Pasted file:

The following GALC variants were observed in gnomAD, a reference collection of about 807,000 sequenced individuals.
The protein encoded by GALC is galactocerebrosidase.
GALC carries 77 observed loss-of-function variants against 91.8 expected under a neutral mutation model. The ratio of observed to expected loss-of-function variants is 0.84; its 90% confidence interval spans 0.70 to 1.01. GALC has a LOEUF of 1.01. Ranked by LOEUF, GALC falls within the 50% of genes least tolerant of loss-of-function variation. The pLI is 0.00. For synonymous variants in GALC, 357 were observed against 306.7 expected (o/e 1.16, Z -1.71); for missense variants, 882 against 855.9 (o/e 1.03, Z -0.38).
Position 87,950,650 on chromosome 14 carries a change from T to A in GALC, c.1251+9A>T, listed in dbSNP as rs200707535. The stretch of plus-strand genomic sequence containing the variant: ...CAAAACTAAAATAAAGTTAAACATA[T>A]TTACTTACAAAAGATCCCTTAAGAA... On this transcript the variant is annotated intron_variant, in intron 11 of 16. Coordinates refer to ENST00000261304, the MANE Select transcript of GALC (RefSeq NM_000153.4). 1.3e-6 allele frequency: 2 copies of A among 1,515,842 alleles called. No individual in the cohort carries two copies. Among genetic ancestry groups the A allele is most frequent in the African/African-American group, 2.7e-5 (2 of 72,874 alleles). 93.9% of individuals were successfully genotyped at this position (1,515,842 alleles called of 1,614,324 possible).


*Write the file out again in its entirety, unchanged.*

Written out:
The following GALC variants were observed in gnomAD, a reference collection of about 807,000 sequenced individuals.
The protein encoded by GALC is galactocerebrosidase.
GALC carries 77 observed loss-of-function variants against 91.8 expected under a neutral mutation model. The ratio of observed to expected loss-of-function variants is 0.84; its 90% confidence interval spans 0.70 to 1.01. GALC has a LOEUF of 1.01. Ranked by LOEUF, GALC falls within the 50% of genes least tolerant of loss-of-function variation. The pLI is 0.00. For synonymous variants in GALC, 357 were observed against 306.7 expected (o/e 1.16, Z -1.71); for missense variants, 882 against 855.9 (o/e 1.03, Z -0.38).
Position 87,950,650 on chromosome 14 carries a change from T to A in GALC, c.1251+9A>T, listed in dbSNP as rs200707535. The stretch of plus-strand genomic sequence containing the variant: ...CAAAACTAAAATAAAGTTAAACATA[T>A]TTACTTACAAAAGATCCCTTAAGAA... On this transcript the variant is annotated intron_variant, in intron 11 of 16. Coordinates refer to ENST00000261304, the MANE Select transcript of GALC (RefSeq NM_000153.4). 1.3e-6 allele frequency: 2 copies of A among 1,515,842 alleles called. No individual in the cohort carries two copies. Among genetic ancestry groups the A allele is most frequent in the African/African-American group, 2.7e-5 (2 of 72,874 alleles). 93.9% of individuals were successfully genotyped at this position (1,515,842 alleles called of 1,614,324 possible).